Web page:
Amplyx Pharmaceuticals has completed enrollment in one mid-stage trial of its lead drug candidate, a new kind of antifungal treatment, and has finished treating the first patients in two more such studies.
Now the San Diego-based company has added $53 million to a round of funding it first closed in 2017, money that it plans to put toward continued evaluation of the investigational antifungal treatment, fosmanogepix.
The fresh cash, an extension of a Series C financing first announced in 2017, comes from earlier investors as well as two new backers: Pfizer (NYSE: PFE), the New York-based pharma giant, and Adage Capital Management, a so-called crossover investor, which backs both private and public companies—the former sometimes in advance of an initial public offering.
The money, which includes a future tranche of $27 million that investors pledged at the time of the 2017 financing, brings the company’s Series C total to $93 million. Since inception the company has hauled in more than $133 million in venture capital.
Amplyx is testing its antifungal in patients with infections caused by Candida, Aspergillus, and certain types of rare molds. The experimental treatment is primarily intended for people who contract such infections while hospitalized with other illnesses that have compromised the strength of their immune system. Infections caused by fungi including Candida auris (C. auris) and Aspergillus have shown resistance to existing antifungal drugs, only three kinds of which currently exist.
The Centers for Disease Control and Prevention last year added drug-resistant C. auris to its list of “urgent” threats to global public health; it considers other drug-resistant strains of Candida as “serious” threats, and has drug-resistant Aspergillus on its watch list.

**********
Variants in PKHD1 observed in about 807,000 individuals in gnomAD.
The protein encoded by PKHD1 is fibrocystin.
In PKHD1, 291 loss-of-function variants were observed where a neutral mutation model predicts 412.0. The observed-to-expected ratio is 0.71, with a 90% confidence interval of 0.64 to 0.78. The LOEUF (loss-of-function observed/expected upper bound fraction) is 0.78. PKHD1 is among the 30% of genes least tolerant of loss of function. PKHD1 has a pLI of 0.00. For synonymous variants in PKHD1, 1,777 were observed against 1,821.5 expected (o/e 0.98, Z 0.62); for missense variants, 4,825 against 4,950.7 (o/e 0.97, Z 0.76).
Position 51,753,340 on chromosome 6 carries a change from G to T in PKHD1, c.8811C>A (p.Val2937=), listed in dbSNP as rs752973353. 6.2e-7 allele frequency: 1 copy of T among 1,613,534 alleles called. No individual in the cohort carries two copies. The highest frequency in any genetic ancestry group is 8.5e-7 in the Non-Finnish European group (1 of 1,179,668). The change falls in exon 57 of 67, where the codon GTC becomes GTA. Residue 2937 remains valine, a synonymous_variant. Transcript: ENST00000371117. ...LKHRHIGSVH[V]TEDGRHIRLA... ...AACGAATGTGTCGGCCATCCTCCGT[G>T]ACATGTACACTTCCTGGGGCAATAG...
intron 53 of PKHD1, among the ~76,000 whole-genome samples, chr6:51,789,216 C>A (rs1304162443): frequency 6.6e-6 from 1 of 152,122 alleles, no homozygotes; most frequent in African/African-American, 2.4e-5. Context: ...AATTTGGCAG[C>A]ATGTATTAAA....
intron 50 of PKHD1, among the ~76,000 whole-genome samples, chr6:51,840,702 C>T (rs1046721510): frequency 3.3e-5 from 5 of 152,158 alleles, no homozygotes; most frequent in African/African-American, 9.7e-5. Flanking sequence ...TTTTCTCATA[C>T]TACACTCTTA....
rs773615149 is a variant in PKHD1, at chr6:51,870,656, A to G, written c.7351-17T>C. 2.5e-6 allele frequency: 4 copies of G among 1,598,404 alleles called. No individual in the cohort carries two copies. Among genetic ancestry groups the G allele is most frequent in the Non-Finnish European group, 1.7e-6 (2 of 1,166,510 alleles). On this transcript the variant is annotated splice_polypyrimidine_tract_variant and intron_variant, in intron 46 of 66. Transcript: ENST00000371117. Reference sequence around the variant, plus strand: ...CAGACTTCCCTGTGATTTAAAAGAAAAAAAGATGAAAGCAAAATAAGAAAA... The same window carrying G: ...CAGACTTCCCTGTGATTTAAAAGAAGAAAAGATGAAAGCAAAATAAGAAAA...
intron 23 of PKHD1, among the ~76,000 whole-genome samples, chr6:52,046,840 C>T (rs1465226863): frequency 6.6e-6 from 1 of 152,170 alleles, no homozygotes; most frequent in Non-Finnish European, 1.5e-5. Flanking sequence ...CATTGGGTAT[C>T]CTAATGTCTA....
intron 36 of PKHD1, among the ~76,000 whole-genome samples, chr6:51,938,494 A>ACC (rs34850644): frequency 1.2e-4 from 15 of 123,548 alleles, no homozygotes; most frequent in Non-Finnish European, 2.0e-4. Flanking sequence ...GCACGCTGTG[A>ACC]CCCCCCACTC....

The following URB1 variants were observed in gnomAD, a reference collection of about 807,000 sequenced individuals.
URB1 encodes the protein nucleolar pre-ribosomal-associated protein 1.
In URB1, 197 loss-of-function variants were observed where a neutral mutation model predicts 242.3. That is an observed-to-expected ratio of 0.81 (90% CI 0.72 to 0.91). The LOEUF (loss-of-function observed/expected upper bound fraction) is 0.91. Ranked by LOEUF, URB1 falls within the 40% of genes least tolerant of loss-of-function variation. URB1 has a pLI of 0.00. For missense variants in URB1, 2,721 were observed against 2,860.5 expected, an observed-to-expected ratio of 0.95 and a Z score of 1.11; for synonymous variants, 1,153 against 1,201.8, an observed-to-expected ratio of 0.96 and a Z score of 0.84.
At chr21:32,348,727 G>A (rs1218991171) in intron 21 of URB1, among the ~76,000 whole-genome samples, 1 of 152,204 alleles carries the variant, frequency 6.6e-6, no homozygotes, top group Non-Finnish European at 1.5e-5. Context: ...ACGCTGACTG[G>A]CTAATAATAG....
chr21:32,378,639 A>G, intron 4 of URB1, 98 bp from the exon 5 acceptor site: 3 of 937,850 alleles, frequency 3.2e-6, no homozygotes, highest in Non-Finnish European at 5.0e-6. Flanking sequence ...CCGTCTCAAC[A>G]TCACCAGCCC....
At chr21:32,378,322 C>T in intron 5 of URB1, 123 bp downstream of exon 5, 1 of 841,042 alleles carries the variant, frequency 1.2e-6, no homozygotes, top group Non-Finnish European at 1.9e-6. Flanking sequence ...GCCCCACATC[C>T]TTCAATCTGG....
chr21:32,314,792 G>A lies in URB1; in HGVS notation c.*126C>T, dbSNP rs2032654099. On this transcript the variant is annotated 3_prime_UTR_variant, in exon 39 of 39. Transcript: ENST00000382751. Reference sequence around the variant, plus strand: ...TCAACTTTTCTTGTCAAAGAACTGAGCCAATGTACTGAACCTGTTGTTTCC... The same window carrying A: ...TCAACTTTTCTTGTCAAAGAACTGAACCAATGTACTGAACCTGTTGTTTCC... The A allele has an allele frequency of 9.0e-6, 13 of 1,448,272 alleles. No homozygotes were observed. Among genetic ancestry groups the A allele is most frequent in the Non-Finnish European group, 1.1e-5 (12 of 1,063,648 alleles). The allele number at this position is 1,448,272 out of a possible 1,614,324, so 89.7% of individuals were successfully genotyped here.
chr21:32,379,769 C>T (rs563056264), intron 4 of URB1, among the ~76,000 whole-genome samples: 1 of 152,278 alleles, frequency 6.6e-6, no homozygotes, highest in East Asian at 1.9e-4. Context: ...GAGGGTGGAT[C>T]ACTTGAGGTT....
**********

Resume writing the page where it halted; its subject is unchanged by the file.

Amplyx, headed by president and CEO Ciara Kennedy (pictured), is evaluating fosmanogepix as an intravenous infusion and in oral form.
In addition to moving the antifungal ahead, Amplyx says it will also plow some of the new financing into moving ahead its second clinical-stage investigational drug, MAU868, an antibody intended to treat symptoms of BK virus (BKV) infection in people who have received either a kidney or hematopoietic cell transplant.
BKV, which often infects people in childhood and then, after an initial infection, becomes latent, can later reactivate and cause disease in people whose immune systems are compromised, such as transplant patients. Amplyx’s antibody is being tested in Phase 1 studies in kidney transplant recipients with BKV-associated kidney disease and in patients who have received a bone marrow or stem cell transplant with a BKV-associated hemorrhagic cystitis, or bladder inflammation.
Sofinnova Investments led the company’s Series C extension, and other earlier investors also participated, including New Enterprise Associates, Lundbeckfonden Ventures, Arix Bioscience, Pappas Capital, RiverVest Venture Partners, 3×5 Partners, and BioMed Ventures.
Read more about the history of Amplyx in this article from 2015 about its Series B financing round.